Match-fixing for gambling and money laundering is ‘easy’ in esports and games

Match-fixing for gambling and money laundering is ‘easy’ in esports and games

In Counter-Strike: Global Offensive, a popular video game developed by Valve, Seattle-based, players can choose to become terrorists— plant bombs and hold hostages— or soldiers who fight the bad guys.

Yet Valve itself had to fight the perpetrators in October. In a blog post, it abruptly revealed that CS: GO’s players could no longer swap “pot keys” for items in the game, such as weapons, uncommon knives or stickers or a limited edition stickers.

Valve said, “Recently, major fraud networks have moved to CS:GO keys for liquidation. “At this stage, virtually every major transaction which has actually been sold or purchased on the market is suspected to be a scam.” The revelation that money laundering and bribery has become so prevalent has come from one of the biggest video gaming companies of the world that it has “only” accounts for one of the main trading activities on the market of the industry.

Kayla Izenman, a RUSI research analyst, the Defense and Security think tank, who co-authored a recent study on money laundering on online games, says, “It’s surprising to see the vocabulary they used.

The finding by Valve revealed that offenders have been able to use the loophole of online gaming markets for more than a decade, either by gathering stolen credit card numbers or by extracting large profits from other forms of illegal activities.

Fraudsters may purchase virtual currency or a real item on the basis of the proceeds of crime and then sell it to an unhappy player, often with an obvious discount, through a number of online markets.  A year ago, an inquiry into the hit-game Fortnite from a cybersecurity researcher, Sixgill, found that V-bucks, the in-game currency of Fortnite, were sold on the dark web.

On eBay, Sixgill also found, hundreds of thousands of dollars worth of goods from Fortnite.  As their importance for gamers has grown, virtual objects have become a bigger business–and thus a larger aim for fraudsters.

While certain virtual weapons are of value, most skins simply give players the opportunity to express themselves through personal avatars in online communities.  Nonetheless, behind multiplayer multi-player games like Fortnite and CS, multi-billion-dollar companies: GO largely has defied accommodating “know your client” demands or other anti-money washing laws for payment processors.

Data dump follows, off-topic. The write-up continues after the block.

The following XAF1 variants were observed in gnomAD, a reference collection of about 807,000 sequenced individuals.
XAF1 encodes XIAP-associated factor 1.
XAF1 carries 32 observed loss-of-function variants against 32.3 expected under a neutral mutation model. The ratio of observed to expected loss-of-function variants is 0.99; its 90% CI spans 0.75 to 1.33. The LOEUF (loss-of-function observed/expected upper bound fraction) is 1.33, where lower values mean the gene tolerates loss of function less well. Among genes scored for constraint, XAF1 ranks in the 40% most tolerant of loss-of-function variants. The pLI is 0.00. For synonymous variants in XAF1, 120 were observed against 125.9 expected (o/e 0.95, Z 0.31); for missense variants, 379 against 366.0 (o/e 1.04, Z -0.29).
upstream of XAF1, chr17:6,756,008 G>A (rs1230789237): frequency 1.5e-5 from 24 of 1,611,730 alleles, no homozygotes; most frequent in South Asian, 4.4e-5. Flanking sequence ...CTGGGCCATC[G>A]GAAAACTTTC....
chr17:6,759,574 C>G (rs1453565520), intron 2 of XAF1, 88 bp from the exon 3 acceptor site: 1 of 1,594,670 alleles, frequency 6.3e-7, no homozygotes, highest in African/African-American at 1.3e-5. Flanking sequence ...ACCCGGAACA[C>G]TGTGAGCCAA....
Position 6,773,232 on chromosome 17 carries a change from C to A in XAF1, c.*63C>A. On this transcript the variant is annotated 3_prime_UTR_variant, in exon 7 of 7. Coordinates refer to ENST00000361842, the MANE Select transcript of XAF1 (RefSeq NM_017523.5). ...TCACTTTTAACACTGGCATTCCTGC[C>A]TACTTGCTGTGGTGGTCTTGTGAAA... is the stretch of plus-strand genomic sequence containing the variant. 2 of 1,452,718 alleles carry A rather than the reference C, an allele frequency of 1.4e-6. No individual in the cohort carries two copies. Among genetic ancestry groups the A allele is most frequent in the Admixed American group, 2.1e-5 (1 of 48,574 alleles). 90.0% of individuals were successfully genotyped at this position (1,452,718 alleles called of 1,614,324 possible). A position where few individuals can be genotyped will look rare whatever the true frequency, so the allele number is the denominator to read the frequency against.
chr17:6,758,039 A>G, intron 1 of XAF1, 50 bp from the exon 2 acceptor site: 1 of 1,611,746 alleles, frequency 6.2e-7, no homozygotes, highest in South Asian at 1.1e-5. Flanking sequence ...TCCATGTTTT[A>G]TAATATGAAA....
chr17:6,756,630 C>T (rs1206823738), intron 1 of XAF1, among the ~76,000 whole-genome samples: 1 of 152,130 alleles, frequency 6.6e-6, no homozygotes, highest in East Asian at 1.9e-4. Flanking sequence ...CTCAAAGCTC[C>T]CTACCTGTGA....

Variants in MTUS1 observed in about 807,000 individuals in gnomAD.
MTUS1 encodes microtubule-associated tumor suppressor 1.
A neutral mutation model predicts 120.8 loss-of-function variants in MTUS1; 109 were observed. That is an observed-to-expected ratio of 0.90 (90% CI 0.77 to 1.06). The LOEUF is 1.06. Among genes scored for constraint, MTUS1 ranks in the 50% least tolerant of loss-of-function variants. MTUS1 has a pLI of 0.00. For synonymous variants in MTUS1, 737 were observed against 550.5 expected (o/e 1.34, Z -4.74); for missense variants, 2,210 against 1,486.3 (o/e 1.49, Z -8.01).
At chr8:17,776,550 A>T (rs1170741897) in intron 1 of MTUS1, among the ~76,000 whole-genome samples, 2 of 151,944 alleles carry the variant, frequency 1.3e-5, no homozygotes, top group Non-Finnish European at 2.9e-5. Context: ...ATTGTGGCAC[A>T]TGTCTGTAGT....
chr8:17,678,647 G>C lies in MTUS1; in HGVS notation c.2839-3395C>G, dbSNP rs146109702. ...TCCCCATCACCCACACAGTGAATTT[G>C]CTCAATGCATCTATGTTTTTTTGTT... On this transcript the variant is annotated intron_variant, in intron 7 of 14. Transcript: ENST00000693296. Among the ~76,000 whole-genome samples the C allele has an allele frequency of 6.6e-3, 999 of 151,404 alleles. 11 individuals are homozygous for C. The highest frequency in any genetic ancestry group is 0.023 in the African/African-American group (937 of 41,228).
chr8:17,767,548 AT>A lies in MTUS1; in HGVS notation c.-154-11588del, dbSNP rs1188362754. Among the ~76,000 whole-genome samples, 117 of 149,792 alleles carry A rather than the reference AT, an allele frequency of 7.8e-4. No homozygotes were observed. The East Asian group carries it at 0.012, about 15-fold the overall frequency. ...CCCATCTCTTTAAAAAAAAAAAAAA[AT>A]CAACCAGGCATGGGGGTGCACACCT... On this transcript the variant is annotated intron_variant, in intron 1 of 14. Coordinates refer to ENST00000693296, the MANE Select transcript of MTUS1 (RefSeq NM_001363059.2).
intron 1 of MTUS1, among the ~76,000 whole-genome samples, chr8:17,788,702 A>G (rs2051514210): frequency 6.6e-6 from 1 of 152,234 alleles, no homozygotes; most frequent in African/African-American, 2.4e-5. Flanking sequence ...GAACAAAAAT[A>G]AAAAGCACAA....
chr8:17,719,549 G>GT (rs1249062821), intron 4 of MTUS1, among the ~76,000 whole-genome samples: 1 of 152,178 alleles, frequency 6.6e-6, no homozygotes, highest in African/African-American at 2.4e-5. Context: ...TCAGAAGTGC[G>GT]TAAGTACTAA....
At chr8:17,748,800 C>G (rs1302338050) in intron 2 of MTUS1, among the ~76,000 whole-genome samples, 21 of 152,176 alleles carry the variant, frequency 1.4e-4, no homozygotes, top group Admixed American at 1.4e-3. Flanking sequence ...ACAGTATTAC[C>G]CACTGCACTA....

Even as new plans for digital currencies like Facebook’s Pound face significant regulatory scrutiny, numerous game developers regularly print their own in-game currencies and generate thousands of dollars worth of digital assets without the same supervision.

“Such products are basically physical property for a customer, but something’s not self-expression for a consumer,” said Nicholas Lovell, Game Director for the Electric Square company, who wrote extensively about the free-to-play games that often use virtual items for sales.

Auto-expression is of particular relevance in a game such as Fortnite, said the players paying V-bucks in order to perform their new “emote” or victory dance, which is immediately after killing a conquered enemy. Explore our customized newsletters with key perspectives into global trade, M&A, technology and more. Players are ready to pay real money for these virtual goods— a couple of cents, sometimes much more. View our newsletters

The Steam Community site, which still allows players to exchange articles for Valve’s titles, offers hundreds of weapons for CS: GO, which cost 100 dollars each. The costliest— a flip knife “Bright Water” or a Universal Gun “Souvenir.” $1,800 each.  The perceived value of such virtual objects has created many secondary markets for players to trade in, even if game developers ban their purchases and sales in terms of their business. G2 G, PlayerAuctions and PlayerUp are included in these pages.

But Mr Lovell argues that Valve’s titles, which often depend more than others on in-game sales, are a particularly convincing target for money washers.  “Valve is at the heart of this problem because so many of its games have a commercially viable economy,” he said. “Valve is to be a warning account of what happens in a free-market economy when you let people do what they like.

Valve did not answer questions e-mailed to CS on money laundering, GO and its other titles. It turned out that bad guys took over. Epic Games, the creator of Fortnite, refused to comment.  “Giving our business a positive experience of gaming is vital to our trust in the fans we support, and disinterested third parties threaten this when abusing in-game technologies for illicit or unwanted purposes,” said a Speaker for the Entertainment Software Association, representing producers of games in the USA.

“ESA members are attentive to the illegal activity detected on their games or on their network and take a number of steps towards unauthorized actions,” the Speaker added, including the prohibition of offender accounts and the collaboration of payment service providers and legal action.

Nevertheless, Valve shutdown of core CS trading: GO suggests that game developers might do more with their networks themselves, said Mrs. Izenman of RUSI. “These platforms have so much data,” she said by gamers. By having a player account it is impossible to trade digital assets and objects can be tracked when they travel from one user to another. This information would be helpful for money laundering compliance.